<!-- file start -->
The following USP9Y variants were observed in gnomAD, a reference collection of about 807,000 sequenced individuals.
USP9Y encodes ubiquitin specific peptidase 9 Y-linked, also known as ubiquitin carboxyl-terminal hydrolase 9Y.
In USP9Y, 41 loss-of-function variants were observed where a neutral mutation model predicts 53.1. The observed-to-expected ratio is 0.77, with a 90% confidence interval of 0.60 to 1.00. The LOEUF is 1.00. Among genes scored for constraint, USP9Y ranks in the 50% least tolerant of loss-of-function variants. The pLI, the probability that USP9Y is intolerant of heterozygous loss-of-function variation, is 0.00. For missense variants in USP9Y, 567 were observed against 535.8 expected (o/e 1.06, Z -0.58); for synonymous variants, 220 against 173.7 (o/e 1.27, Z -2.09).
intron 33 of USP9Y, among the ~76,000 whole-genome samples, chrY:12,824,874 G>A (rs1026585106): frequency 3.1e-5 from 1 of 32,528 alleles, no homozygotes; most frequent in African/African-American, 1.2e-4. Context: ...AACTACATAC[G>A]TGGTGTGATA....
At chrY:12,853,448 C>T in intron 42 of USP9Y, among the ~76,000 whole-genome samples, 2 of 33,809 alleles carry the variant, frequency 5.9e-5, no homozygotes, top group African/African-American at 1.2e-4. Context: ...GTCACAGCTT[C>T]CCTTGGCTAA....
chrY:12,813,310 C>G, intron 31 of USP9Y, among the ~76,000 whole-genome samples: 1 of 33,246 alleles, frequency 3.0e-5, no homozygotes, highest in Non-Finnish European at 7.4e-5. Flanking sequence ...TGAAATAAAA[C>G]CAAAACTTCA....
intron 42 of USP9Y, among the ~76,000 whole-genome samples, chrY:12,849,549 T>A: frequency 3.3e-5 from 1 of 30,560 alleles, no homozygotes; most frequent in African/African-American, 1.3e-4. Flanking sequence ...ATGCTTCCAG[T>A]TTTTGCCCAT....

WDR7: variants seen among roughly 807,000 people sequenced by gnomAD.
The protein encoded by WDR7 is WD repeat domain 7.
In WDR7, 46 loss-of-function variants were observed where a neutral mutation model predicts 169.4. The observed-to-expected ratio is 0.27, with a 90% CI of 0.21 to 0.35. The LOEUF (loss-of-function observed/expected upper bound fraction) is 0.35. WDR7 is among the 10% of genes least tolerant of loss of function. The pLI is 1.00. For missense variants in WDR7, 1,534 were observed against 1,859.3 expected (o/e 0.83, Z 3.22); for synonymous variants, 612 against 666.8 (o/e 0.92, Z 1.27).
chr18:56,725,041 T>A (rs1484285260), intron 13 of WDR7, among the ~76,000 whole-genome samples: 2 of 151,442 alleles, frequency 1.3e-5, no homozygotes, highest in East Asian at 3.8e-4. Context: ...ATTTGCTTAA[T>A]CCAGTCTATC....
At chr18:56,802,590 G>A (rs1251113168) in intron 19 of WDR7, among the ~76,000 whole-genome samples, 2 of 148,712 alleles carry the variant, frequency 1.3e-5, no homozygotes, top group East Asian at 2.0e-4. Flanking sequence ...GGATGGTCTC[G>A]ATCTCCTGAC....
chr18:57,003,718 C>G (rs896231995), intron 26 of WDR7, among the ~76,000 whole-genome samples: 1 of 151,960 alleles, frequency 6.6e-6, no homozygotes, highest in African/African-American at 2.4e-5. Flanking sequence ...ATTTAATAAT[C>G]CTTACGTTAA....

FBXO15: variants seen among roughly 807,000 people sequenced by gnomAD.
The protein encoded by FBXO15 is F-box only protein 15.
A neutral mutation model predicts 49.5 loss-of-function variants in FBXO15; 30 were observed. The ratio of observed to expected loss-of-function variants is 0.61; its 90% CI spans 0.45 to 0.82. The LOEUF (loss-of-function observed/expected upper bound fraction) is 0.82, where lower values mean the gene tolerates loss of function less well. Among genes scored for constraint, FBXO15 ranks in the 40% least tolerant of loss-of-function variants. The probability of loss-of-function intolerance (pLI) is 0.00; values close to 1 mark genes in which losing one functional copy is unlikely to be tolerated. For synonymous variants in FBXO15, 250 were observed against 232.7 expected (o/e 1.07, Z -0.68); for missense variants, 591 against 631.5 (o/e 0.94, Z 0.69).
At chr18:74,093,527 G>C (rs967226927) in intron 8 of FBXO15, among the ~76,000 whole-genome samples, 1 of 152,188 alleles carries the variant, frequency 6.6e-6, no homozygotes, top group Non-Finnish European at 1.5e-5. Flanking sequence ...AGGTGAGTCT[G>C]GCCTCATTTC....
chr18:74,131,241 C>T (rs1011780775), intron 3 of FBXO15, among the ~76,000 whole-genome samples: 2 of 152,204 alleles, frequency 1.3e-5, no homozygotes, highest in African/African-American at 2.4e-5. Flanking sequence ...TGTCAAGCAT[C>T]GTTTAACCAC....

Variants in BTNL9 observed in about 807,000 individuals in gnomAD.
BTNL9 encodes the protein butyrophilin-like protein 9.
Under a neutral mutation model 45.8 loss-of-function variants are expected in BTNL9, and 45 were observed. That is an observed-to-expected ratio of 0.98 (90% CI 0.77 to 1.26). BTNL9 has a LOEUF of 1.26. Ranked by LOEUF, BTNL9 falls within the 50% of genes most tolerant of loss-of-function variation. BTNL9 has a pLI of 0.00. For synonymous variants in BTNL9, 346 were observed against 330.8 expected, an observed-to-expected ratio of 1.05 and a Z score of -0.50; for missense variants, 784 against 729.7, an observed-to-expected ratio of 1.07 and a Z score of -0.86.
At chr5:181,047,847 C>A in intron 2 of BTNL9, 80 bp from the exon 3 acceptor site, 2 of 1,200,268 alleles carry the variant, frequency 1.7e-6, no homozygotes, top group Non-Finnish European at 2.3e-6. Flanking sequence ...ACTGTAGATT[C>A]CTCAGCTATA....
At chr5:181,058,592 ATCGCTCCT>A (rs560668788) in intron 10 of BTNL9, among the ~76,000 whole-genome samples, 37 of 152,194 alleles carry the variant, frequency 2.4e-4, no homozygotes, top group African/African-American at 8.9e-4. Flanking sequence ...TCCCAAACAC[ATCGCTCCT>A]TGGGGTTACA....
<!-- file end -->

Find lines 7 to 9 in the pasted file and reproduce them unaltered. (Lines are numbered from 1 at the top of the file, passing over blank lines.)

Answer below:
intron 42 of USP9Y, among the ~76,000 whole-genome samples, chrY:12,849,549 T>A: frequency 3.3e-5 from 1 of 30,560 alleles, no homozygotes; most frequent in African/African-American, 1.3e-4. Flanking sequence ...ATGCTTCCAG[T>A]TTTTGCCCAT....

WDR7: variants seen among roughly 807,000 people sequenced by gnomAD.
The protein encoded by WDR7 is WD repeat domain 7.